A Computational Pipeline for Studying Functional Genome Organization; 23andMe and Theranos: Contrasting Ethical Strategies and the Advantages of Intention and Leadership

Hickman, Alexandra, School of Engineering and Applied Science, University of Virginia
Neeley, Kathryn, Engineering and Society, University of Virginia
Zang, Chongzhi, Center for Public Health Genomics, University of Virginia

Computational models and genomic methods can be utilized to gauge mutations in genomic data and potentially identify cancer-specific promoters and lead to better cancer treatments. It has been projected that by 2030 the incidence rates for colorectal cancer will increase by 90 percent and 124.2 percent for patients 20 to 34 years of age (Bailey et al., 2015). To learn more about the contributing factors involved in colorectal cancer, my technical project aimed to produce a computational pipeline to identify important oncogenic proteins in colorectal cancer. My sociotechnical project was also related to genomics as I compared two genetic testing companies 23andMe and Theranos to contrast their ethical strategies.

The technical portion of my thesis produced a computational pipeline to identify colorectal cancer promoters. There are many pathways regulating cellular pathways in colorectal cancer which include numerous transcription factors. However, the complexity and number of transcriptional factors make identification difficult. To achieve identification of these transcriptional factors, the computational pipeline incorporated two computational tools, BART3D and HiC-Pro. BART3D was previously developed by the Zang lab at the University of Virginia and is used to create a list of transcriptional factors associated with the specific cancer type. Whereas HiC-Pro was used to generate convert the collected data into data that can be inputted into BART3D. My team’s pipeline identified two lists of transcription factors within colorectal cancer that either promote or inhibit tumor growth.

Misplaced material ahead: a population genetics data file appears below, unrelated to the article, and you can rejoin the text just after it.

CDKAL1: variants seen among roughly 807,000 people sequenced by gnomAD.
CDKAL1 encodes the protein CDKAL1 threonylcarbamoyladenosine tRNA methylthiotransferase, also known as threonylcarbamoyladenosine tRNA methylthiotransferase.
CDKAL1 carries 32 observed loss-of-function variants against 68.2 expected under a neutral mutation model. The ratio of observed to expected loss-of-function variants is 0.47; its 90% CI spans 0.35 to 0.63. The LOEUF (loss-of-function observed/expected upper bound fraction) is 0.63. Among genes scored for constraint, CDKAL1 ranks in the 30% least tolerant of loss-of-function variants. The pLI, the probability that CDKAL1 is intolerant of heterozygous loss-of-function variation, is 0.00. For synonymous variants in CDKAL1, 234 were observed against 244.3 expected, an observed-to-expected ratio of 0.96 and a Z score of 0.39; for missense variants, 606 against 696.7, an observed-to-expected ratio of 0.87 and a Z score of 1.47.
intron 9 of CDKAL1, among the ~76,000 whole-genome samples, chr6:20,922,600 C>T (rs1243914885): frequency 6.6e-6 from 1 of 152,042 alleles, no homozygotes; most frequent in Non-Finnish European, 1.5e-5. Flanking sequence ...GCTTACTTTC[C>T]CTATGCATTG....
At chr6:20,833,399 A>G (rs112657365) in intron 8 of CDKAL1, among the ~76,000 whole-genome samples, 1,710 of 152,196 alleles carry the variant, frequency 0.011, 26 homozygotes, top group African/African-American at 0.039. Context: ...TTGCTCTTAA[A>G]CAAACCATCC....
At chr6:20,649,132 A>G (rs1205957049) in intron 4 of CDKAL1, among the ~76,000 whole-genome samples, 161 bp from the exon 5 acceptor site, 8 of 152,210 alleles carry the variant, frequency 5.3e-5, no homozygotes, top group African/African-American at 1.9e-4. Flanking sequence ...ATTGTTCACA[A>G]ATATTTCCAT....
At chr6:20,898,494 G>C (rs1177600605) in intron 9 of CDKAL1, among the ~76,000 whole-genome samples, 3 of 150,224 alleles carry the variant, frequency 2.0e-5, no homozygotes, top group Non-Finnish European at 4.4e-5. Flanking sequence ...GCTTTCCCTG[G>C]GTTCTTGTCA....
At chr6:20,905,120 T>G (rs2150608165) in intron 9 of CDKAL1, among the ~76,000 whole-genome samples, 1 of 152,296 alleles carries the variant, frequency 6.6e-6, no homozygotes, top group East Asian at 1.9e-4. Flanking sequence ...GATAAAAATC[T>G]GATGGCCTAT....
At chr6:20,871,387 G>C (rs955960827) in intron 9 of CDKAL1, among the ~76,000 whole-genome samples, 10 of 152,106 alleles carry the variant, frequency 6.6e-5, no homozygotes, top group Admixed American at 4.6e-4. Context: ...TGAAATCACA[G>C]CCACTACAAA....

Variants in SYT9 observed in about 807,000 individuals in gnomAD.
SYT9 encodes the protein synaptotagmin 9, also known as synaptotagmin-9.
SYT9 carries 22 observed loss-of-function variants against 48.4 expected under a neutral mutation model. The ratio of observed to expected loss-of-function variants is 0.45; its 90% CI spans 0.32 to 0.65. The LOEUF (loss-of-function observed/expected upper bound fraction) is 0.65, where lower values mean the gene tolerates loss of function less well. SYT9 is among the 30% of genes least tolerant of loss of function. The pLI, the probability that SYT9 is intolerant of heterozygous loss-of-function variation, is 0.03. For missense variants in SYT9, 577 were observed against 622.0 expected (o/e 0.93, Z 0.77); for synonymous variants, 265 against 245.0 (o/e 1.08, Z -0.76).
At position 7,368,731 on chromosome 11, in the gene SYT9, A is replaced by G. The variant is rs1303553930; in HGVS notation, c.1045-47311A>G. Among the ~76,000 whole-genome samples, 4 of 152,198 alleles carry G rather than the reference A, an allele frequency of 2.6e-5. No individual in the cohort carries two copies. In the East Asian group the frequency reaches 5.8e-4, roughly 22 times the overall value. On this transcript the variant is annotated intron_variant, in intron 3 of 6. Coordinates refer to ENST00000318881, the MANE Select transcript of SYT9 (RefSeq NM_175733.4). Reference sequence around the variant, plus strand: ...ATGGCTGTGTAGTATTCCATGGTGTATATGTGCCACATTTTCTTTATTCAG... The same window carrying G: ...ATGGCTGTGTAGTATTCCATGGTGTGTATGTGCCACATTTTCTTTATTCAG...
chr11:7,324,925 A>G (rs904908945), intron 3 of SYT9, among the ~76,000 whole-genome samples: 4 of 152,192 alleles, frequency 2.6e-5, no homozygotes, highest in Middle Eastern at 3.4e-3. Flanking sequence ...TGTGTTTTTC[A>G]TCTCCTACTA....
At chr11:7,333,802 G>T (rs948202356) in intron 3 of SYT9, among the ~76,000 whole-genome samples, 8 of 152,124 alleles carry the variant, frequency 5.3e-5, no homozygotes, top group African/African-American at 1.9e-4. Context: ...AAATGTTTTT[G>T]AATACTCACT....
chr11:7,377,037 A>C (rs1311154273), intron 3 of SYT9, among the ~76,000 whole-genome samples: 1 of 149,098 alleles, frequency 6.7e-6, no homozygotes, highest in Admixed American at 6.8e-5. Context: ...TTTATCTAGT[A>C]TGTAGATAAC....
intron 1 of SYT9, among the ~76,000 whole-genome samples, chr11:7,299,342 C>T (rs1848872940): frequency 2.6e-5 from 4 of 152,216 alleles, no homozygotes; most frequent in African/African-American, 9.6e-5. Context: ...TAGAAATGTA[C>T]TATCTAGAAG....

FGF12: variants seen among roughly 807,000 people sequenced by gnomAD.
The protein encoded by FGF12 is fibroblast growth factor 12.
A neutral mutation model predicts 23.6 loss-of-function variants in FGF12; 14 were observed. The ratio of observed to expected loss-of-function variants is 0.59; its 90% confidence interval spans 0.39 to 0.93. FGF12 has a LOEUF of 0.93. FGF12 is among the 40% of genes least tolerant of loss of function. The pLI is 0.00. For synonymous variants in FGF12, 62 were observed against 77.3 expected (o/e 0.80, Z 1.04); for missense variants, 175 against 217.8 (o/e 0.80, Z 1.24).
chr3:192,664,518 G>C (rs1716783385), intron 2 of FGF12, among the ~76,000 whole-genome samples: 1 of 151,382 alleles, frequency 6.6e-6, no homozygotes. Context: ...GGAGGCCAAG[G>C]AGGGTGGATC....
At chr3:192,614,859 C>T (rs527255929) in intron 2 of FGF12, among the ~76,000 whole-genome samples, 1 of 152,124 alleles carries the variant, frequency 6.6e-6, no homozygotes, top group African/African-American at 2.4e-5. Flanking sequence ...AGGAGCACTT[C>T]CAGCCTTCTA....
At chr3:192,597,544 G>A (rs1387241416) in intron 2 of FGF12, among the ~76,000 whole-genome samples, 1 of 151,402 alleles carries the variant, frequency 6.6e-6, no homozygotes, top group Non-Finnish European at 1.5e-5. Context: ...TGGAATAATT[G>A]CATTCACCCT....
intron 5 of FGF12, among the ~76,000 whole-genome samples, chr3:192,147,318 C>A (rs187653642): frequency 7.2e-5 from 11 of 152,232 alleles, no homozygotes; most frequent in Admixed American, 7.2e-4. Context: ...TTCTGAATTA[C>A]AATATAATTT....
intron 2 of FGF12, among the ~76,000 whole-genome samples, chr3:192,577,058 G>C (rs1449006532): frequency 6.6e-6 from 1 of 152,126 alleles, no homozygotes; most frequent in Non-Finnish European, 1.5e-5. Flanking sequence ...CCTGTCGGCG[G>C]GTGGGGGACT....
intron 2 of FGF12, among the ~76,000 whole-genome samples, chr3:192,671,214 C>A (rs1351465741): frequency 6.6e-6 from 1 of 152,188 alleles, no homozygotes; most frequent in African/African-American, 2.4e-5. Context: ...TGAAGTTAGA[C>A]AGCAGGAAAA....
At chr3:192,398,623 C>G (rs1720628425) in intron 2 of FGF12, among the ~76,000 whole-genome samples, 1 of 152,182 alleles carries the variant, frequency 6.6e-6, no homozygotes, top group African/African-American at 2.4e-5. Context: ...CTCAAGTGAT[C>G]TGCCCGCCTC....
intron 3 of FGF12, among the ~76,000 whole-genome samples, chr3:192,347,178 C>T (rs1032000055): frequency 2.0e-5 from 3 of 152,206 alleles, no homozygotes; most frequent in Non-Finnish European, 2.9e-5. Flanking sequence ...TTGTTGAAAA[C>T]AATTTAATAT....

For my sociotechnical project, I investigated the contrasting ethical strategies of both 23andMe and Theranos using the Design-Inevitability Distinction Discourse Framework. The results of the analysis contrasting the companies 23andMe and Theranos using the Neeley and Luegenbiehl demonstrated that a focus on technology instead of design can lead to failures in identifying key consequences of engineering. One company, 23andMe, prioritized ethical concerns and the importance of being transparent with the public and the users of their product. On the other hand, Theranos failed to acknowledge their faults and remained secretive about their ethical concerns.

My technical and STS projects reveal the importance of both technical and non-technical aspects of innovation. Specifically, it is important to consider the different actors involved in design and to present a problem holistically, including both the good and bad outcomes when examining the implications of a problem. When companies fail to acknowledge their ethical responsibilities, much like Theranos, there are several harmful consequences. The STS project led me to be more mindful of the ethical responsibilities of my technical project and ultimately revealed that there is no shame in admitting the faults and downfalls of a design.

Bailey, C. E., Hu, C.-Y., You, Y. N., Bednarski, B. K., Rodriguez-Bigas, M. A., Skibber, J. M., Cantor, S. B., & Chang, G. J. (2015). Increasing Disparities in Age-Related Incidence of Colon and Rectal Cancer in the United States, 1975-2010. JAMA Surgery, 150(1), 17–22. https://doi.org/10.1001/jamasurg.2014.1756

BS (Bachelor of Science)
Pipeline, Colorectal Cancer, 23andMe, Genetics

School of Engineering and Applied Science
Bachelor of Science in Biomedical Engineering
Technical Advisor: Chongzhi Zang
STS Advisor: Kathryn Neeley
Technical Team Members: Zachary Thomas

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